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May 3, 2013

Charles Krauthammer: Obama administration has gone from high to low in six months

Fate is fickle, power cyclical, and nothing is new under the sun. Especially in Washington, where after every election the losing party is sagely instructed to confess sin, rend garments and rethink its principles lest it go the way of the Whigs. And where the victor is hailed as the new Caesar, facing an open road to domination.

And where Barack Obama, already naturally inclined to believe his own loftiness, graciously accepted the kingly crown and proceeded to ride his re-election success to a crushing victory over the GOP at the fiscal cliff, leaving a humiliated John Boehner & Co. with nothing but naked tax hikes.

Thus emboldened, Obama turned his inaugural address into a left-wing dream factory, from his declaration of war on global warming (on a planet where temperatures are the same as 16 years ago and in a country whose CO2 emissions are at a 20-year low) to the invention of new entitlements -- e.g., universal preschool for 5-year-olds -- for a country already drowning in debt.

To realize his dreams, Obama sought to fracture and neutralize the congressional GOP as a prelude to reclaiming the House in 2014. This would enable him to fully enact his agenda in the final two years of his presidency, usually a time of lame-duck paralysis. Hail the Obama juggernaut.

Well, that story -- excuse me, narrative -- lasted exactly six months. The Big Mo is gone.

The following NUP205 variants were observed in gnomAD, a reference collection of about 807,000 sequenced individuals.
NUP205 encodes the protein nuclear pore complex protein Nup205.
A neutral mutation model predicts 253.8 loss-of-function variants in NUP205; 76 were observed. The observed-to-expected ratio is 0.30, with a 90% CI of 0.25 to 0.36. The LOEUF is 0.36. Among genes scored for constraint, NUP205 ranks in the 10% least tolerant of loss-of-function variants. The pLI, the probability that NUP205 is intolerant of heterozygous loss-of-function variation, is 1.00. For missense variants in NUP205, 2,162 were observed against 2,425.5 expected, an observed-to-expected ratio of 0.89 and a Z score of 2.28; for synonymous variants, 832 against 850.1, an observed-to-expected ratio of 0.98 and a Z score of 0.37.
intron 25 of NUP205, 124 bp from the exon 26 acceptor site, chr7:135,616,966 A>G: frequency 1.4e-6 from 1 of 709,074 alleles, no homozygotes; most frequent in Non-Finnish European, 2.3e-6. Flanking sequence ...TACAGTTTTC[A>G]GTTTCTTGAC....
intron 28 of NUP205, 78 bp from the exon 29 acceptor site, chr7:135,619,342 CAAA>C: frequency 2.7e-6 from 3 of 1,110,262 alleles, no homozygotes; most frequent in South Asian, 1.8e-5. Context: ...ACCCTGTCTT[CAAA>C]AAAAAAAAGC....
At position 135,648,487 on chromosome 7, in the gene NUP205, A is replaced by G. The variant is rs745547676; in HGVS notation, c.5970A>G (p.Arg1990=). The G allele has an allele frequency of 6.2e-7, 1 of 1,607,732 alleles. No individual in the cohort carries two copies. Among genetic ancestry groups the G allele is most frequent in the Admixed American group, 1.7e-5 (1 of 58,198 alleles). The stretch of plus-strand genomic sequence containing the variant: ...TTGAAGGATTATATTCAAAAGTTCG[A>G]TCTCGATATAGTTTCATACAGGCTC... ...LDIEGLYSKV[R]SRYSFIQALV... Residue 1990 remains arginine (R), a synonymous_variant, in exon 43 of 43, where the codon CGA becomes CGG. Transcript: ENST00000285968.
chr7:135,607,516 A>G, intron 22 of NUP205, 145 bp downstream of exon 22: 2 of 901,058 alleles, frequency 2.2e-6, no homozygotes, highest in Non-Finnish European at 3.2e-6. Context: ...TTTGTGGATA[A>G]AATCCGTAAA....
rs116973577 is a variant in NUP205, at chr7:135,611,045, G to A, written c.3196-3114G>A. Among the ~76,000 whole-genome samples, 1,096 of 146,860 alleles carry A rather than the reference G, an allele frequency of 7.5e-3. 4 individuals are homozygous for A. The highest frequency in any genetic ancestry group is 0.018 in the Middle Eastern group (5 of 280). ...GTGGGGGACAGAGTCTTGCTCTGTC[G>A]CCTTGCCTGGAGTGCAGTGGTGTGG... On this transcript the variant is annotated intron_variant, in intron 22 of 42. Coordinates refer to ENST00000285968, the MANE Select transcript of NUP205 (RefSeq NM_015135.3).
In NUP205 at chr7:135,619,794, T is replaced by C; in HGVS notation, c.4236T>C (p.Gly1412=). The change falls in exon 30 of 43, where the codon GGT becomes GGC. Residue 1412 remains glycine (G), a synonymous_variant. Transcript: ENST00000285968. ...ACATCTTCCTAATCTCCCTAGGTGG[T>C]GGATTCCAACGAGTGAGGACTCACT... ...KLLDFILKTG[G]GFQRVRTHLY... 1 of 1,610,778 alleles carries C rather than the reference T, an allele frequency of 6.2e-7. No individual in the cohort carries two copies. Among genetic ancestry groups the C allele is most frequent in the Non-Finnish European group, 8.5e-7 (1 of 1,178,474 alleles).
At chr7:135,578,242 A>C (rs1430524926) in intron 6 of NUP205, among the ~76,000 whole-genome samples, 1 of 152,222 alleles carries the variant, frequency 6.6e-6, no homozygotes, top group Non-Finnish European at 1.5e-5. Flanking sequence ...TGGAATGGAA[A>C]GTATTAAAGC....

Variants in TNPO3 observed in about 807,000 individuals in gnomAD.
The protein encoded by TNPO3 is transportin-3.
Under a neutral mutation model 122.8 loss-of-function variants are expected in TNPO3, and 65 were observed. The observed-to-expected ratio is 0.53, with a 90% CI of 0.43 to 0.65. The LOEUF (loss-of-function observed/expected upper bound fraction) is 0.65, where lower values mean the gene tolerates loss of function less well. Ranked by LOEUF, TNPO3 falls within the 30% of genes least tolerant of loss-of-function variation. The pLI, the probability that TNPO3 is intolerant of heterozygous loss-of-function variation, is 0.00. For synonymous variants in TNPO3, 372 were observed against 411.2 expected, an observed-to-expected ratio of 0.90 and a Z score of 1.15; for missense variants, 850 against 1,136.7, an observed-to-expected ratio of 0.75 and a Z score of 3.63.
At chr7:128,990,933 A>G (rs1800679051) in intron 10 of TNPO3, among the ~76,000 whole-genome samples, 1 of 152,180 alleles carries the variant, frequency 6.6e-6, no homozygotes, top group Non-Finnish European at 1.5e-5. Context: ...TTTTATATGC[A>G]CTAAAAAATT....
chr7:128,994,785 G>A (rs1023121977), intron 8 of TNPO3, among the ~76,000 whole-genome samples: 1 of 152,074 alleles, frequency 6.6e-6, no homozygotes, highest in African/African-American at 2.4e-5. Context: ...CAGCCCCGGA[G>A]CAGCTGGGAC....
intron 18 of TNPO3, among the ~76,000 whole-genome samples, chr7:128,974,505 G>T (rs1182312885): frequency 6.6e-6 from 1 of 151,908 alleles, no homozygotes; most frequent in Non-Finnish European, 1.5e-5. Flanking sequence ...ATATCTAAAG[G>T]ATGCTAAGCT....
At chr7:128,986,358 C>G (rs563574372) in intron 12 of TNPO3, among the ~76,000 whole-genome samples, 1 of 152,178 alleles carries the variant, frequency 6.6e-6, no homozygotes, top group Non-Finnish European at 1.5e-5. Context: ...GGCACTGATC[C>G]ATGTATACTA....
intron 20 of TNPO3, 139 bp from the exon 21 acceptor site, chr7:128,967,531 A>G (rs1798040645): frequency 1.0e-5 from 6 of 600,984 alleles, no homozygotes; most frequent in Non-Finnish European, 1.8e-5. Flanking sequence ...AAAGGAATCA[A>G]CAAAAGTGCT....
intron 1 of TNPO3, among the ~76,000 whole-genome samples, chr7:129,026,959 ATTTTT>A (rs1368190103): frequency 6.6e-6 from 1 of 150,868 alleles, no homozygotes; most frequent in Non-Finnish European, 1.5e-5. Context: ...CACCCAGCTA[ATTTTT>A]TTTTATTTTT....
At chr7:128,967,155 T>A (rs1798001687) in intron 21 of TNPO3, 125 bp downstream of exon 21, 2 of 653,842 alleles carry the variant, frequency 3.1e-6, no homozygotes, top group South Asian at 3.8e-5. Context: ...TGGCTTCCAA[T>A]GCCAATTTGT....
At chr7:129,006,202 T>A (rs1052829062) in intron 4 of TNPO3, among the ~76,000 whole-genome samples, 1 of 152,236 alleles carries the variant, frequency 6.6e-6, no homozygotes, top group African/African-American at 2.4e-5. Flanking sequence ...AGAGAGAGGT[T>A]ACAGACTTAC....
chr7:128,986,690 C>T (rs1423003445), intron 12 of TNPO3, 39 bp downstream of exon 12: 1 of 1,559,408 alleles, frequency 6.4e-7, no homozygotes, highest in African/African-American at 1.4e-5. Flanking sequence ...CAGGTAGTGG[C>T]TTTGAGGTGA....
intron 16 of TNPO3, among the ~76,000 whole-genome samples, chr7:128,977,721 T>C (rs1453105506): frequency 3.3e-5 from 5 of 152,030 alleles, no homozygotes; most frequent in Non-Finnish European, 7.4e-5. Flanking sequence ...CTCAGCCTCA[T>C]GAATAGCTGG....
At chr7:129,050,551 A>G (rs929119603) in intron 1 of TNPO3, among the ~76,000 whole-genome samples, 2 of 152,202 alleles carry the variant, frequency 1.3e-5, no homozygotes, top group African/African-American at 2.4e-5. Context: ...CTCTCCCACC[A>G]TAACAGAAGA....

It began with the sequester. Obama never believed the Republicans would call his bluff and let it go into effect. They did.

Taken by surprise, Obama cried wolf, predicting the end of everything we hold dear if the sequester was not stopped. It wasn't. Nothing happened.

Highly embarrassed, and determined to indeed make (bad) things happen, the White House refused Republican offers to give it more discretion in making cuts. Bureaucrats were instructed to inflict maximum pain from minimal cuts, as revealed by one memo from the Agriculture Department demanding agency cuts that the public would feel.

Things began with the near-comical cancellation of White House tours and ended with not-so-comical airline delays.

Looking not just incompetent at managing budgets but cynical for deliberately injuring the public welfare, the administration relented. Congress quickly passed a bill giving Obama reallocation authority to restore air traffic control. Having previously threatened to veto any such bill, Obama caved. He signed.

Not exactly Appomattox, but coming immediately after Obama's spectacular defeat on gun control, it marked an administration that had lost its "juice," to paraphrase a charming question at the president's news conference.

All this while appearing passive, if not helpless, on the world stage. On Syria, Obama was nervously trying to erase the WMD red line he had so publicly established. On Benghazi, he stonewalled accusations that State Department officials wishing to testify are being blocked.

He was even taking heat for the Boston bombings. Every day brings another revelation of signals missed beforehand.

Now, the screw will undoubtedly turn again. If immigration reform passes, Obama will be hailed as the comeback kid, and a new "Obama rising" narrative proclaimed.

This will overlook the fact that immigration reform has little to do with Obama and everything to do with GOP panic about the Hispanic vote. In fact, Obama has been asked by congressional negotiators to stay away, so polarizing a figure has he become.

But that's the one constant of Washington political life: There are no straight-line graphs. We live from inflection point to inflection point.

And we've just experienced one. From king of the world to dead in the water in six months. Quite a ride.

Charles Krauthammer is a columnist for The Washington Post. He can be contacted at:

letters@charleskrauthammer.com





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